The US Food and Drug Administration will meet in October to discuss adding pharmacogenomic-based drug-metabolism information to the label of the widely used breast cancer drug tamoxifen, according to a person familiar with the agency's plans.
If the FDA decides to take the step, it will be the third time it has moved to update an approved drug's label with pharmacogenomic information and prescribing recommendations, and may therefore be a boon to molecular diagnostic shops dealing with metabolism-related gene variants, in this case CYP450 2D6. The agency relabeled Pfizer's Camptosar in June last year, and it decided to relabel warfarin in November.
With Camptosar, the first relabeling instance, the agency included information about the gene UGT1A1's influence on the risk of adverse events. A test based on interrogating CYP2D6 genes, on the other hand, would be the first time the FDA has looked at efficacy as the primary goal.
Tamoxifen has been the subject of pharmacogenomic studies for several years, but it took a large prospective clinical trial by the Pharmacogenomics Research Network before the FDA decided to hold a public advisory committee meeting to consider changing the drug's label, a person who will be involved in the October meeting told Pharmacogenomics Reporter this week on condition of anonymity. He asked to remain anonymous because he does not have authority to comment on the meeting.
"Half the clinicians [say], 'We should go with what we have already,' then you have other clinicians saying, 'Let's just hold off and not change our treatment based on preliminary data."
An FDA spokesperson said the agency does not discuss meetings before they have been publicly announced, and a spokesperson for AstraZeneca, the manufacturer of the original, non-generic tamoxifen, said the company had no information about relabeling. Manufacturers of generic versions of the drug did not return requests for comment before deadline.
When the FDA updated Camptosar's label last year, the result encouraged companies to develop and submit their own assays for interrogating a gene related to the drug's adverse events. The first FDA-cleared diagnostic for interrogating the UGT1A1 gene was an Invader test made by Third Wave Technologies. The newer Camptosar label recommends a lower starting dose of the drug in patients homozygous for the UGT1A1*28 allele.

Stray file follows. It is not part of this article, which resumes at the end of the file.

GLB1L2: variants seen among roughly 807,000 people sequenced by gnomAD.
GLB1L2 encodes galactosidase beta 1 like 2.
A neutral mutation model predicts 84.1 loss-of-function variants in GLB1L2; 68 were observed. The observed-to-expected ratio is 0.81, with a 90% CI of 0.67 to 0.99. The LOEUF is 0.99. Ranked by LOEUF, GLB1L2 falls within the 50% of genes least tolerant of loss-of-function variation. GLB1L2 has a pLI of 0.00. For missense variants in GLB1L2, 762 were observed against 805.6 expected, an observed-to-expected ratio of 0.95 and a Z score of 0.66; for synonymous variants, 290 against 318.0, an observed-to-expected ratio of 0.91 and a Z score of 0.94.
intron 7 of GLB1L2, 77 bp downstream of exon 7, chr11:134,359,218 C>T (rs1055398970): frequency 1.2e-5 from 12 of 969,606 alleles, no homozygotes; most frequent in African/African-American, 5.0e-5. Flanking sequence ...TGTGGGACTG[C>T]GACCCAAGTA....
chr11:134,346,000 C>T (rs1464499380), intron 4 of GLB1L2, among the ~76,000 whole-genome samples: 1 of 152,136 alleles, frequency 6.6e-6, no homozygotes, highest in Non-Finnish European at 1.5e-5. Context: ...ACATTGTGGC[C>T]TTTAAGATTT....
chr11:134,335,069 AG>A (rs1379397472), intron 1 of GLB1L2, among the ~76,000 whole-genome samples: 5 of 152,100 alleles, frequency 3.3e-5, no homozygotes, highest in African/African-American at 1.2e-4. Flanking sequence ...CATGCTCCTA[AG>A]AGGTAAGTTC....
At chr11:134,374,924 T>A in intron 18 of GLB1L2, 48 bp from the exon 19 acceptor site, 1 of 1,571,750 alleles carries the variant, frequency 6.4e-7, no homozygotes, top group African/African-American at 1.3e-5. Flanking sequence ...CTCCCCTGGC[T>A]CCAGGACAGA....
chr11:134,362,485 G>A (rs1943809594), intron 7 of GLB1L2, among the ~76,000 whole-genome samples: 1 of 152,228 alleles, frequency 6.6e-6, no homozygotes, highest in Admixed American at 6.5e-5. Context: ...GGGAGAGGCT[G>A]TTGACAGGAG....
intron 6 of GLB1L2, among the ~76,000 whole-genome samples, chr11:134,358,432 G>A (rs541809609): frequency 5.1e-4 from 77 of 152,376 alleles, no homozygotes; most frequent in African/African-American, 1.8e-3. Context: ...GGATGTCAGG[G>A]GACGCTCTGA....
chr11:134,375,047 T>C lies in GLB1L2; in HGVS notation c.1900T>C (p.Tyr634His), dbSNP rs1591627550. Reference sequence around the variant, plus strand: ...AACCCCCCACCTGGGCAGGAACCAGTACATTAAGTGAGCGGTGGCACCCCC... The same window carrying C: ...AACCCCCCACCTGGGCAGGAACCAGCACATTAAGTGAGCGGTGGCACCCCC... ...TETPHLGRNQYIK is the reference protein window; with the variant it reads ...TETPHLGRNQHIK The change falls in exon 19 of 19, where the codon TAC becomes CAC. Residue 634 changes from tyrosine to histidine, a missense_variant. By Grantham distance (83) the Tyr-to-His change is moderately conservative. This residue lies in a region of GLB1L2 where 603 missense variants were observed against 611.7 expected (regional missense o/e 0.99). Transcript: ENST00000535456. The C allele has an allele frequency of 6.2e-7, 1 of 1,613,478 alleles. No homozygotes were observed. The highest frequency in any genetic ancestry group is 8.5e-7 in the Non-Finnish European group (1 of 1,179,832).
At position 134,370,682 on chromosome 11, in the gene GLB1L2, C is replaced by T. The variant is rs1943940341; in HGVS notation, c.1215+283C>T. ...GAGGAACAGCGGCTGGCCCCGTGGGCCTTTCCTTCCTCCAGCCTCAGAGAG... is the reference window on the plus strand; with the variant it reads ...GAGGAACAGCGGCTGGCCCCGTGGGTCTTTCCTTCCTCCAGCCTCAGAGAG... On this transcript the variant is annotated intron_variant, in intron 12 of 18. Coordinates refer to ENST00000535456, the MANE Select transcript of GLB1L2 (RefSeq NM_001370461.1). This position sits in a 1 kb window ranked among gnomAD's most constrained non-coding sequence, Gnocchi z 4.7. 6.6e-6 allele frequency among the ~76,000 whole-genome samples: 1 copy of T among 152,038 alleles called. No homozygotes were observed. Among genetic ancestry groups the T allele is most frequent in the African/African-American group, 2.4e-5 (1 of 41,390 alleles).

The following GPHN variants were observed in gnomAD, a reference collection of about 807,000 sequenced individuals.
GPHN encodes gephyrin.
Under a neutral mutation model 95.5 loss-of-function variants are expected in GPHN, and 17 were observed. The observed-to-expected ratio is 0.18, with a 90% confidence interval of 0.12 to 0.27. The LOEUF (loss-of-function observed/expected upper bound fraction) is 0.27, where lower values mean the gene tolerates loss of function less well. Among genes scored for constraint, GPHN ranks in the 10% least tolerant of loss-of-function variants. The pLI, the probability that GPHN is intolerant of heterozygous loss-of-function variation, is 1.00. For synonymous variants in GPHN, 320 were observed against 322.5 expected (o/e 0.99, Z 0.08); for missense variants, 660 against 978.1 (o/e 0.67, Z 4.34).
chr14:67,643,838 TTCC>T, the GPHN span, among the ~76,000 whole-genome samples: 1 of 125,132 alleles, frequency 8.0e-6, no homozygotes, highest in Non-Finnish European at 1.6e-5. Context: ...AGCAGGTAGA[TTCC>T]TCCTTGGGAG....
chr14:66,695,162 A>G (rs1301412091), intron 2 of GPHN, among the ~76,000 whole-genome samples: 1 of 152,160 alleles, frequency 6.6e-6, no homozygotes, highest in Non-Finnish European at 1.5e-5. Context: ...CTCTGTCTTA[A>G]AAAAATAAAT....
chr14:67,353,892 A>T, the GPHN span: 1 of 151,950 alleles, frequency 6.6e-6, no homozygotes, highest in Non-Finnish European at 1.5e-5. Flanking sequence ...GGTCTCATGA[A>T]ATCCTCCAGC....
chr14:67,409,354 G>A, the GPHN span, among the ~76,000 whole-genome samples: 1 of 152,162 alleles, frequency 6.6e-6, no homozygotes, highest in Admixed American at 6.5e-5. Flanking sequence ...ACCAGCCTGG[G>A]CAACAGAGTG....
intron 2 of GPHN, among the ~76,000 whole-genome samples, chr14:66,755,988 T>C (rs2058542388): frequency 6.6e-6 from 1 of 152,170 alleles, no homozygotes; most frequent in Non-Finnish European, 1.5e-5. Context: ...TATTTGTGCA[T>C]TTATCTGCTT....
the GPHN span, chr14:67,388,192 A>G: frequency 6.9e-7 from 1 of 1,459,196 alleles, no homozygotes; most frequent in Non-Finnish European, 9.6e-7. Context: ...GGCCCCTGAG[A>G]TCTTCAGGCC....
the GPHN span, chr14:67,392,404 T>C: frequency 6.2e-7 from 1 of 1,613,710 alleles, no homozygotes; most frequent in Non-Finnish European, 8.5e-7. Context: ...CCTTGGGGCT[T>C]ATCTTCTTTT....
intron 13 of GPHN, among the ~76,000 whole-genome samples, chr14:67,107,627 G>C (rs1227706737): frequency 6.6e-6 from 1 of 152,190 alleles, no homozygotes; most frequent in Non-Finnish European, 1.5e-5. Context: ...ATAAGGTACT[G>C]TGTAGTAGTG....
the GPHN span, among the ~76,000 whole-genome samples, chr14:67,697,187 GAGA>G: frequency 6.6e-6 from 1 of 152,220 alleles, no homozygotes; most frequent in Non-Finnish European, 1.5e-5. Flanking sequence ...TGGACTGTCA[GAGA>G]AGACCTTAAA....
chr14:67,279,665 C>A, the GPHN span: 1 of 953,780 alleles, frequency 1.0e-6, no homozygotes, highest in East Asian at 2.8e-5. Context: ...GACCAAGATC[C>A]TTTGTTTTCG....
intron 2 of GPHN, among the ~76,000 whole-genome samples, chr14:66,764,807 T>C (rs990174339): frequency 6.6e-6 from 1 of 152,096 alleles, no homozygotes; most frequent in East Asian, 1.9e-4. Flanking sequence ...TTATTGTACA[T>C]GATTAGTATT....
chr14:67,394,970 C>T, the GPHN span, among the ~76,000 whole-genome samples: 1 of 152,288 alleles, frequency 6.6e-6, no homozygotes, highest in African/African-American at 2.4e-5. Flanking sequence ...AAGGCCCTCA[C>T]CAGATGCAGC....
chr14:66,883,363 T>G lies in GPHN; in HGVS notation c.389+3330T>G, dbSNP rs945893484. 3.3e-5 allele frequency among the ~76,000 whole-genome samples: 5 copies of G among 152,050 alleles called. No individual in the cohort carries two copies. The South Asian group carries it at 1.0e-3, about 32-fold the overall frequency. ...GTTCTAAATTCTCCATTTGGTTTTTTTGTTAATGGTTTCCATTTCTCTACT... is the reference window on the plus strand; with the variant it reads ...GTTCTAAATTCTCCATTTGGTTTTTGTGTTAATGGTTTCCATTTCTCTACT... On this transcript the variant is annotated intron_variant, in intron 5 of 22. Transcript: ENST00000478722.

The only large, prospective clinical trial linking CYP450 inhibitors and tamoxifen efficacy which the FDA would most likely require before updating the label is technically a retrospective analysis by the PGRN on the prospective North Central Cancer Treatment Group trial. That research, which looks only at the effects of the 2D6*4 polymorphism, was published in the December 2005 issue of the Journal of Clinical Oncology.
While that study showed an impact of CYP2D6 genotype on the risk of breast cancer relapse, the group presented an update of its research last week at the American Society of Clinical Oncologists meeting in Atlanta that added data about the effect of CYP2D6 inhibition on clinical outcome. That data was finally strong enough for the researchers to write in an ASCO abstract that 2D6 status can help identify patients who should receive tamoxifen therapy. Both iterations caused the PGRN scientists to conclude that patients taking the drug should not also take potent 2D6 inhibitors.
Specifically, the research showed that breast cancer patients who are CYP2D6-poor metabolizers have about three-fold higher risk of relapse than extensive metabolizers, despite tumor size, tumor grade, and Her2 status. Intermediate metabolizers have a risk of relapse about 1.7-fold higher than extensive metabolizers. Poor metabolizers who relapse do so earlier than extensive metabolizers, with a peak in relapses at about two years, versus four.
The trial's results were "completely consistent with our hypothesis that the activity of 2D6 in the liver is required for activation of tamoxifen response," James Rae, a study author and assistant professor of oncology at the University of Michigan Comprehensive Cancer Center, said this week.